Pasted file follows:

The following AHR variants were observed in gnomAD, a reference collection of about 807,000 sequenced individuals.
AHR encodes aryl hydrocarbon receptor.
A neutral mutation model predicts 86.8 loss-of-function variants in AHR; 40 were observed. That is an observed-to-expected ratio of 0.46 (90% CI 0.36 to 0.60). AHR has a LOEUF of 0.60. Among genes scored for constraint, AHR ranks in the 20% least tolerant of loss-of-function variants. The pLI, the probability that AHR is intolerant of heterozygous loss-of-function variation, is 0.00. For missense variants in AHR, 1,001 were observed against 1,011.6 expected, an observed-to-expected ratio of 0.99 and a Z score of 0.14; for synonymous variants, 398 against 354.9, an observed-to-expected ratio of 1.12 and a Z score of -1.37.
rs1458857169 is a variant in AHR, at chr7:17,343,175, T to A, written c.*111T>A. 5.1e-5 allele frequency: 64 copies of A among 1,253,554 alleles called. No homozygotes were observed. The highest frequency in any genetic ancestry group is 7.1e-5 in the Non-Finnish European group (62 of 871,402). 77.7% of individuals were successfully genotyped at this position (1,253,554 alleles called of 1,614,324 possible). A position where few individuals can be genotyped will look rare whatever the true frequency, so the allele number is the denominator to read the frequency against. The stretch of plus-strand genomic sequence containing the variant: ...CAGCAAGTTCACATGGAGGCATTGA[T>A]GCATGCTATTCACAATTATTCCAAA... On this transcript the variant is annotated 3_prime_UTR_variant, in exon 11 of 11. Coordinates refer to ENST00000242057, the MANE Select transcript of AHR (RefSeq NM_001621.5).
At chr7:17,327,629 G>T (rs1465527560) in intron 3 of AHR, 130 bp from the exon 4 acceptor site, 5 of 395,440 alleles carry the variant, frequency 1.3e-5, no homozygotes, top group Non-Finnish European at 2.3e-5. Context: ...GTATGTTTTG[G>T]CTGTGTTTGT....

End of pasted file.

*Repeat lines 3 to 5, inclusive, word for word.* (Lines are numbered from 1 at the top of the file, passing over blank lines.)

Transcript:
A neutral mutation model predicts 86.8 loss-of-function variants in AHR; 40 were observed. That is an observed-to-expected ratio of 0.46 (90% CI 0.36 to 0.60). AHR has a LOEUF of 0.60. Among genes scored for constraint, AHR ranks in the 20% least tolerant of loss-of-function variants. The pLI, the probability that AHR is intolerant of heterozygous loss-of-function variation, is 0.00. For missense variants in AHR, 1,001 were observed against 1,011.6 expected, an observed-to-expected ratio of 0.99 and a Z score of 0.14; for synonymous variants, 398 against 354.9, an observed-to-expected ratio of 1.12 and a Z score of -1.37.
rs1458857169 is a variant in AHR, at chr7:17,343,175, T to A, written c.*111T>A. 5.1e-5 allele frequency: 64 copies of A among 1,253,554 alleles called. No homozygotes were observed. The highest frequency in any genetic ancestry group is 7.1e-5 in the Non-Finnish European group (62 of 871,402). 77.7% of individuals were successfully genotyped at this position (1,253,554 alleles called of 1,614,324 possible). A position where few individuals can be genotyped will look rare whatever the true frequency, so the allele number is the denominator to read the frequency against. The stretch of plus-strand genomic sequence containing the variant: ...CAGCAAGTTCACATGGAGGCATTGA[T>A]GCATGCTATTCACAATTATTCCAAA... On this transcript the variant is annotated 3_prime_UTR_variant, in exon 11 of 11. Coordinates refer to ENST00000242057, the MANE Select transcript of AHR (RefSeq NM_001621.5).
At chr7:17,327,629 G>T (rs1465527560) in intron 3 of AHR, 130 bp from the exon 4 acceptor site, 5 of 395,440 alleles carry the variant, frequency 1.3e-5, no homozygotes, top group Non-Finnish European at 2.3e-5. Context: ...GTATGTTTTG[G>T]CTGTGTTTGT....